RubyConf Day 3: Behaviour-Driven Development with RSpec

Posted by Nick Sieger Sun, 04 Nov 2007 16:26:00 GMT

David Chelimsky and Dave Astels: RSpec

describe TestDriverDevelopment do
  it "is an incremental process"
  it "drives the implementation" 
  it "results in an exhaustive test suite"
  # but also...
  it "should focus on design"
  it "should focus on documentation"
  it "should focus on behaviour"

class BehaviourDrivenDevelopment < TestDrivenDevelopment
  include FocusOnDesign
  include FocusOnDocumentation
  include FocusOnBehavior

When doing test-driven development:

  • Write your intent first. The smallest test you can that fails.
  • Next, write the implementation. The simplest thing that could possibly work.
  • Even though you may be tempted to think about additional edge cases, multiple requirements, etc., you should try to be disciplined and focus only on the immediate tests. Only after you’ve made one test fail, then pass, can you continue on to other tests.

RSpec history

Initially BDD was just a discussion among Aslak Hellesoy and Dan North in the ThoughtWorks London office. Dave Astels joined the conversation with a blog post stating that he thought these ideas could be easily implemented in Smalltalk or Ruby. Steven Baker jumped in with an initial implementation, and released RSpec 0.1. Later in 2006, maintenance was handed over to David Chelimsky. RSpec has evolved through a dog-fooding phase up to the present 1.0 product.

BDD is no longer just about “should instead of assert”, it’s evolving into a process. Emphasizing central concepts from extreme programming and domain-driven design, it’s moving toward focusing on customer stories and acceptance testing. It’s outside-in, starting at high levels of detail, rather than low-level like RSpec or Test::Unit.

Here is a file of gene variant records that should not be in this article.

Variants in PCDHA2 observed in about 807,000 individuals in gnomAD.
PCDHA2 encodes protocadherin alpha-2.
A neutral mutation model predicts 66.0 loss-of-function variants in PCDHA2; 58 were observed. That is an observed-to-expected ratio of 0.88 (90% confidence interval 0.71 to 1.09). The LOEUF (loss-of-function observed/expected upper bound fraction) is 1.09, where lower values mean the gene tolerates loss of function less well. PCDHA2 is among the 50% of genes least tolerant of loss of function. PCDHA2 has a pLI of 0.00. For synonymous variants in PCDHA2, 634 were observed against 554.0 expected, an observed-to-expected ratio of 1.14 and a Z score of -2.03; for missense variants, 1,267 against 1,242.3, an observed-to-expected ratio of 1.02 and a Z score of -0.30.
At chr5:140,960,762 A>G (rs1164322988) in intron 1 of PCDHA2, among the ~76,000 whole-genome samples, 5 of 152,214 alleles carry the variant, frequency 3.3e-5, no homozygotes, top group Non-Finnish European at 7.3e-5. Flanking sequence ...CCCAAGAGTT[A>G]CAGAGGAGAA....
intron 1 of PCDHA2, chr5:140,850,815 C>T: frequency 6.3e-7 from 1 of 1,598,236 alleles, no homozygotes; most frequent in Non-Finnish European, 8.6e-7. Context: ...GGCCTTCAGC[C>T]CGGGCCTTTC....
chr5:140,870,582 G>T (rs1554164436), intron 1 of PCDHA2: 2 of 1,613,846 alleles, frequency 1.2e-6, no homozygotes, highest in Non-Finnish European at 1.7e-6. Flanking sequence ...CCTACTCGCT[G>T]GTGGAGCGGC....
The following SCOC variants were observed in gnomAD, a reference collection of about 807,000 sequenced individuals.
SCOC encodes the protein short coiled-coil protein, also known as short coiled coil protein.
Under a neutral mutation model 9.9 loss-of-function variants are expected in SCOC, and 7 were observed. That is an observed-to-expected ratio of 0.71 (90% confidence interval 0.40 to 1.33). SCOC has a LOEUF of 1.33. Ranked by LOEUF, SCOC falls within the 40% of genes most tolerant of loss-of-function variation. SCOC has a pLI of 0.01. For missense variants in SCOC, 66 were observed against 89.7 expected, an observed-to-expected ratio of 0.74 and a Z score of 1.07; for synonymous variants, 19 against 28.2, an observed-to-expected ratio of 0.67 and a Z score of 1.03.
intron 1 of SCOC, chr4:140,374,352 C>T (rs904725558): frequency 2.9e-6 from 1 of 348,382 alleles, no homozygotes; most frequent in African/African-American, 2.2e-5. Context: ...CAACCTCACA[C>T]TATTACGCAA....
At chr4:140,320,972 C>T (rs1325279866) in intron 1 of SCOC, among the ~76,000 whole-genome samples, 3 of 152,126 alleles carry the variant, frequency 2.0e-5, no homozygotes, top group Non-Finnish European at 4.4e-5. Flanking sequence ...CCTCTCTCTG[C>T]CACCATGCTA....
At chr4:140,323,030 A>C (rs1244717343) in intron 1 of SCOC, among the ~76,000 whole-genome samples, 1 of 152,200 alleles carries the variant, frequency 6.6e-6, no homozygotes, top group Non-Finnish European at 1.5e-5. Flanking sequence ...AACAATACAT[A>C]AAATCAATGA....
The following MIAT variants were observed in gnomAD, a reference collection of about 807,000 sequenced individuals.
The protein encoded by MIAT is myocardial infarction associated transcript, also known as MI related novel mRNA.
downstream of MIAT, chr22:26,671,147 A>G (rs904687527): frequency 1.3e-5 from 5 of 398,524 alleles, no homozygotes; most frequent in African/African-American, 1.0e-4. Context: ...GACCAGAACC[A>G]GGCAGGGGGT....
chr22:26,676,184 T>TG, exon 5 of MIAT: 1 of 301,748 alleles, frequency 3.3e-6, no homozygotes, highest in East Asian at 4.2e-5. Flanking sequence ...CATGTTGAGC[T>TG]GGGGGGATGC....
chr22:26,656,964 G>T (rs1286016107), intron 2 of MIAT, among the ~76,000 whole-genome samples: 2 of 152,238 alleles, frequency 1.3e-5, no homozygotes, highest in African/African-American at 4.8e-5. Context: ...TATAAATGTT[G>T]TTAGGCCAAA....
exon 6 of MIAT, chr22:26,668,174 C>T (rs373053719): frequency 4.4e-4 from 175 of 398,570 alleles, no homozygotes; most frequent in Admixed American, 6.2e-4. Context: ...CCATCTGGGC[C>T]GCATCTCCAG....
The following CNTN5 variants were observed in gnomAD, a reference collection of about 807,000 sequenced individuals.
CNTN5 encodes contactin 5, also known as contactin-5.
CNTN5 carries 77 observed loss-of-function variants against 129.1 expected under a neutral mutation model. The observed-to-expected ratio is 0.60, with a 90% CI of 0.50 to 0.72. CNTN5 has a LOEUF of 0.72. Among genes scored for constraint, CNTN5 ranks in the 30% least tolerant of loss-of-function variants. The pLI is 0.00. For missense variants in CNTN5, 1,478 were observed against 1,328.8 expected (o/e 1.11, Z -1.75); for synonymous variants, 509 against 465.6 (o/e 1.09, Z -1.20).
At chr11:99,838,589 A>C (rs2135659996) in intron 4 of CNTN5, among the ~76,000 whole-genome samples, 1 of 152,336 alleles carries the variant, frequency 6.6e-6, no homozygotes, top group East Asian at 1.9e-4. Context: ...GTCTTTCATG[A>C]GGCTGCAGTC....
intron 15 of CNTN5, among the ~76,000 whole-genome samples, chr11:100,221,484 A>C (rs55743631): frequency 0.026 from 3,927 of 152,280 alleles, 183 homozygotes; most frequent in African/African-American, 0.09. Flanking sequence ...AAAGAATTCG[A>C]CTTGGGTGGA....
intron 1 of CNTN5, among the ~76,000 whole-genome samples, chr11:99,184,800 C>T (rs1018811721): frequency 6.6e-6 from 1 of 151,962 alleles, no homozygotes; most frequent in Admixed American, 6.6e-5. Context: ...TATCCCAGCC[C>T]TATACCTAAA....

Story Runner

Story Runner is a new feature intended for RSpec 1.1. Each story is supposed to capture a customer requirement in the following general template:

As a (role) ... I want to (some function) ... so that (some business value).

It uses a “Scenario ... Given ... When ... Then ...” format to express the high level stories. Scenarios are a series of given items, steps, and behaviour validations. Once the basic steps are established, they can be re-used. David even demonstrated a preview of an in-browser story runner that would allow the customer to play with the implementation and create new scenarios.


Pending is a nice way to mark specs as “in-progress”. You can either omit a block for your spec, or use pending inside the block to leave a placeholder to come back to.

describe Pending do
  it "doesn't need a block to be pending"
  it "could also be specified inside the block" do
    this.should_not be_a_failure
  it "could also use a block with pending, and you will be notified when it starts to succeed" do
    pending("TODO") do
      this.should_not be_a_failure

Behaviour-Driven Development in Ruby with RSpec is a new book David and Aslak are working on, due out early next year.

Update: David has posted his slides.

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